Three myths about hiring for diversity and how we debunked them

Flick Electric software engineer Rose Lu has often been the sole woman or sole non-white person in the room in her career, and recently assisted with Flick's hiring process for new engineers. Here, she shares some key learnings on how to hire for diversity – and how to get around the obstacles that often pop up.

In the past six months, there has been an enormous amount of growth in the engineering team here at Flick Electric. Eleven new developers have started — the development team was five in October and is currently fourteen. We are essentially a completely different team. This in itself is a challenge, let alone the process we took to get to that size.

Whispers of ‘we need to hire quickly’ immediately make my ears prick up, as often diversity is thrown out of the window in favour of growth. There seems to be a persistent, unverified idea in a lot of organisations that both hiring quickly and hiring diversely can’t be done at the same time. Often this means that organisations aren’t trying hard enough, or aren’t aware enough of their biases to understand how to overcome them. Hiring diversely is hard, especially if you’re an organisation that has a lack of it. It might start with an uncomfortable look inward to address the issues that have led to this position. It takes a lot of humility, education and listening to diverse opinions to combat the norms of the dominant group.

In my career as a software engineer there have been many times that I have been the sole woman, or the sole non-white person in the room. As I’ve gotten more experience, I’ve had the privilege of being able to be a lot pickier about the places I work for. If an organisation doesn’t have a single woman in their development team, or in a leadership position, then it’s a no from me. Most organisations I’ve spoken to understand that diversity in important, and that it’s something that they should be doing. But so many organisations find it hard to move from this acknowledgement to a tangible improvement in the diversity of their workplaces.

Flick has been by far the most diverse place that I’ve worked in — something that’s helped by the fact that we are a large company of 80, have teams that cover different business domains, and was started with (and maintained) a commitment to diversity. Diversity is not tokenism, and isn’t achieved by having just one woman, or one non white person. For there truly to be diversity, it needs to be there in its most banal form. Diversity is a population made up of such brilliant variance that to speak of a single difference is like comparing Pacific Rose apples to Eve apples, rather than apples and oranges.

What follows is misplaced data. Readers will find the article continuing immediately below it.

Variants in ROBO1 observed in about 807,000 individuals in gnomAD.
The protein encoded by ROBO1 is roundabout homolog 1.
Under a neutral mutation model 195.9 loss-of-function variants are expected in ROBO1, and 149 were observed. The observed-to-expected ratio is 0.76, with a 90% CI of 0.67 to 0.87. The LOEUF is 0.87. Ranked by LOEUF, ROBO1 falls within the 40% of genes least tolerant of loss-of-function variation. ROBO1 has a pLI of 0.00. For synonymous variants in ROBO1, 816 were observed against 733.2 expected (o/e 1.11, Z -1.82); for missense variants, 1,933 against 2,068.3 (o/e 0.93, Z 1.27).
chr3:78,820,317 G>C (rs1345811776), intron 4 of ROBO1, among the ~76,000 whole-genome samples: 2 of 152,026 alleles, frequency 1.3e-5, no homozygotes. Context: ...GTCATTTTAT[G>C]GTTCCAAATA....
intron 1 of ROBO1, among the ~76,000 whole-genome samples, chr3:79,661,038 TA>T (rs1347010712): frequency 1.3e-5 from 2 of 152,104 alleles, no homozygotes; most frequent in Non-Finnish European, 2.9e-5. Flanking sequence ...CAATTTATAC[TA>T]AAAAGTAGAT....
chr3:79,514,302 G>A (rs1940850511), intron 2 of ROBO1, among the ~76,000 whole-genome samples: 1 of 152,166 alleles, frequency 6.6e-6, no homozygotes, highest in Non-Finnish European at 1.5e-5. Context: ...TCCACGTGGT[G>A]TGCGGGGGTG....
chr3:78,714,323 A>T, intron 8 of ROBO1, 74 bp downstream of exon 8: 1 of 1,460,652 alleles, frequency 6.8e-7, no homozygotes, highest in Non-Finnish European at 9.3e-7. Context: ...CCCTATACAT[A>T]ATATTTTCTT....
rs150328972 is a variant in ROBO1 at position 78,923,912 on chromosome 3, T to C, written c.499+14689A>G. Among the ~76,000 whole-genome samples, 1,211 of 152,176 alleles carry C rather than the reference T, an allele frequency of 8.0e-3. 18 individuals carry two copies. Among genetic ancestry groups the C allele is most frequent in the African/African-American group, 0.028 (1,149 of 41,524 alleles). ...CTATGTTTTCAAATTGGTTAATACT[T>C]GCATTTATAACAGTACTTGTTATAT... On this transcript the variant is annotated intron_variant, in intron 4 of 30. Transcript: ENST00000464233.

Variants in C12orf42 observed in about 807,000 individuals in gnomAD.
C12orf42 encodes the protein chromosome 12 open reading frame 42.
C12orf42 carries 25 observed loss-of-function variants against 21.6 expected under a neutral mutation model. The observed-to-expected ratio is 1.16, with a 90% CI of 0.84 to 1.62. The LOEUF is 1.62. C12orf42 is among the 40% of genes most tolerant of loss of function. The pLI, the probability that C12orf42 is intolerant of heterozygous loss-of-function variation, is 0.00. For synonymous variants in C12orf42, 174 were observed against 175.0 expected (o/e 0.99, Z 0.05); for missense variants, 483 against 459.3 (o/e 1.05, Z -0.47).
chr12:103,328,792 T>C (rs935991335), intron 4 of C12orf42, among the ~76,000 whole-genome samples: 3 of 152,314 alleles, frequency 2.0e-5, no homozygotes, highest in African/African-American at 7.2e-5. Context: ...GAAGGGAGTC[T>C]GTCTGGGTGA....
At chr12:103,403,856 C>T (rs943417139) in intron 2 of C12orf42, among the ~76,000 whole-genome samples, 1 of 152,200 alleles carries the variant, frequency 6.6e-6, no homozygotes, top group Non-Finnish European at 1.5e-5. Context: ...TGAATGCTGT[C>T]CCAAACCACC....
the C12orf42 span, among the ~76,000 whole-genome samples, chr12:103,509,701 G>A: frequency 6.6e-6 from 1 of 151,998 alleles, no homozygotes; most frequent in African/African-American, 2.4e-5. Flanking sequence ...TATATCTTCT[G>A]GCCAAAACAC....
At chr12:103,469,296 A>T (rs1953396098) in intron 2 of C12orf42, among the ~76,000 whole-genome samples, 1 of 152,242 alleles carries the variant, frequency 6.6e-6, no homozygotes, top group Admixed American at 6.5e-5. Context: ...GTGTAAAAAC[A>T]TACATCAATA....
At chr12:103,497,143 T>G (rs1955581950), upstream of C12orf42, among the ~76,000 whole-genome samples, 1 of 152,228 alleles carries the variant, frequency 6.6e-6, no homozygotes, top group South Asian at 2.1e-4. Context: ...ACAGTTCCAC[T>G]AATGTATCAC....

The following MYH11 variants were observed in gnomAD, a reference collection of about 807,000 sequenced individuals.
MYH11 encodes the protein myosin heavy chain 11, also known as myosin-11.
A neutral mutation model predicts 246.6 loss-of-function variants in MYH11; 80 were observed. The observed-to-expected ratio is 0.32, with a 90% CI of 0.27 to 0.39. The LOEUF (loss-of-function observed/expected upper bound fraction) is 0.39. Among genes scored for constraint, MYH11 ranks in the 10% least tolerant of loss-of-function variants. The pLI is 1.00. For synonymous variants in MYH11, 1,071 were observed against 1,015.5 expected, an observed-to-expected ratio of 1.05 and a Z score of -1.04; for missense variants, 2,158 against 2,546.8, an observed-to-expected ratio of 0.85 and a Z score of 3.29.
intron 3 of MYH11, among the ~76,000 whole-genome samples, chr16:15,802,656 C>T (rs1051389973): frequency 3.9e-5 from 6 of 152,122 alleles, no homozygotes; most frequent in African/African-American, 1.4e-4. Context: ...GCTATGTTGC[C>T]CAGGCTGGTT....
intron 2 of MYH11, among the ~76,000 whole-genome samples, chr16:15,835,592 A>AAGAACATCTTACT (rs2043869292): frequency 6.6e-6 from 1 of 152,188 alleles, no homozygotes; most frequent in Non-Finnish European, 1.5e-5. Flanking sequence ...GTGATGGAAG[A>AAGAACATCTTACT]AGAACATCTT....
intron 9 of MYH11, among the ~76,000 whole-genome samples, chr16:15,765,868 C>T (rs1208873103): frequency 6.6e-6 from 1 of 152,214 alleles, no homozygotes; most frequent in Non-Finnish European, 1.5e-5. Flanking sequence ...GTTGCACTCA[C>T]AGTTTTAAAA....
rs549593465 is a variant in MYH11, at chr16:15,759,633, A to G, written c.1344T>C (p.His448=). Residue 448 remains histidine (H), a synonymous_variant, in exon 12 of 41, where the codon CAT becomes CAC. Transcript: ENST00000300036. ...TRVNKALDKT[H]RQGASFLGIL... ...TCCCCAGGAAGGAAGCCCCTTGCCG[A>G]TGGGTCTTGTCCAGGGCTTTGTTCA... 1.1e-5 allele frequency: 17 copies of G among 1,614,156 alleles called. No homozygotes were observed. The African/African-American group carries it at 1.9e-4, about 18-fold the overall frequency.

I had only been at Flick for a few weeks before I put my hand up to help with hiring, as did my colleague Greg. We had a handover meeting with Michael and Raquel who were previously leading hiring, and the next day we started screening CVs, arranging interviews and conducting them. Throughout the process we encountered a lot of the stumbling blocks that a lot of organisations face when trying to hire diversely. Let’s have a look at a few of them and how they can be overcome.

Myth 1: We want to hire diversely, but we needed to grow 📈 🚀 🎆

I’ve seen a lot of start ups grow initially in a particular way. They hire people that they know. There are no public job listings. The first hires will be friends, previous coworkers, relations, friends of friends. In the uncertain and delicate incubation stages of building a business, there are a lot of benefits to this method. You hire people that you already trust, people you already have rapport with. You can move quite quickly. You don’t have to bother interviewing them when you already understand their working style and what value they will bring to the organisation. You don’t have to bother checking their references when you are their reference. And they’re better set up for success as well — there’s more trust for someone who’s been vouched for.

People tend to be friends with people who are like them. It often feels good to be in a team like this. The group works quite cohesively. Everything seems to work seamlessly because everyone has come from a similar background. You all communicate in the same way, have similar hobbies and interests. You all knock off on Friday and go to the same pub because everyone likes the same type of beer.